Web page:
So, how large is the equity premium?

The equity premium puzzle is probably one of the most controversial puzzle in economics. For one, it is rather difficult to measure properly the equity premium, second the puzzle is about a risk aversion parameter that is itself difficult to measure, and third the literature is pretty much all over the place.

Casper van Ewijk, Henri L.F. de Groot and Coos Santing perform a meta-analysis on the topic: they gathered all the papers about the equity premium they could, could the premises and the results and tried to make some sense from all this. They conclude that the equity premium tends to disappear with time and development, and with lower GDP volatility. Thus is should be normal that the equity premium kind of vanished during the Great Moderation. Now get a theory to replicate this. Assume that financial markets develop as time goes, and you can easily obtain a reduction in the equity premium in any sensible model. No need for strange preferences, complex arguments about taxes, or large improbable events.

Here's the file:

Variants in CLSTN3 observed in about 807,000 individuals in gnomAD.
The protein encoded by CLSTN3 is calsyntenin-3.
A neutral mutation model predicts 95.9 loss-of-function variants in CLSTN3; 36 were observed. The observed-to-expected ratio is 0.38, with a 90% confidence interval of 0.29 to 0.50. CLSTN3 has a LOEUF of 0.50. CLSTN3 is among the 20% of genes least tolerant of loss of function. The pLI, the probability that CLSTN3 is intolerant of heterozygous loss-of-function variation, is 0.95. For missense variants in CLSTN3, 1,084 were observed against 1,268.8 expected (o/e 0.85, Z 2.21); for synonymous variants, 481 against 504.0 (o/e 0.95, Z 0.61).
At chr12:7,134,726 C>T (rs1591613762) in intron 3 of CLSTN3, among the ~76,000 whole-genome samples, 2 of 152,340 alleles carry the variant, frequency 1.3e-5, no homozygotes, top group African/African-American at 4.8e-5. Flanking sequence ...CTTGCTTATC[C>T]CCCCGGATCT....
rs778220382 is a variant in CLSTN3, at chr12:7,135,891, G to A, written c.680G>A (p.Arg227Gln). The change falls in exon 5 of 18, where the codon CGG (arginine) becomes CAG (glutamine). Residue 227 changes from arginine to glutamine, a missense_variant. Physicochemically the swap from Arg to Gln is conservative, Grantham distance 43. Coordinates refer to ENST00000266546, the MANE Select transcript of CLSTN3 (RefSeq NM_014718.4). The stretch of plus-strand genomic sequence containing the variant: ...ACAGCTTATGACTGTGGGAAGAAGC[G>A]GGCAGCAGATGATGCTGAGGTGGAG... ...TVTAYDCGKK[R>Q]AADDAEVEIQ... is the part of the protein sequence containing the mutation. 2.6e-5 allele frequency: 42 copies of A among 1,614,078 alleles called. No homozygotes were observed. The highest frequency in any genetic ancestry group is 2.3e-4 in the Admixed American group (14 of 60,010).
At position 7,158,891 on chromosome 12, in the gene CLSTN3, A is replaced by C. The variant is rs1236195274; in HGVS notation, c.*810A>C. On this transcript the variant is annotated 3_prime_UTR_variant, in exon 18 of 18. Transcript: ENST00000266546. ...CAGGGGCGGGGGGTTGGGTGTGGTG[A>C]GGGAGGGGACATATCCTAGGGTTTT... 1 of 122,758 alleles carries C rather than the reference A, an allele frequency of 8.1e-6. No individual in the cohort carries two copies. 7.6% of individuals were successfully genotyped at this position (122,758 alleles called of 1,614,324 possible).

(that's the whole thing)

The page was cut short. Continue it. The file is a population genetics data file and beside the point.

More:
That said, the equity premium puzzle is about the size of the premium, not how it changes. But given the fact that it seems to be shrinking, the puzzle may soon be moot.

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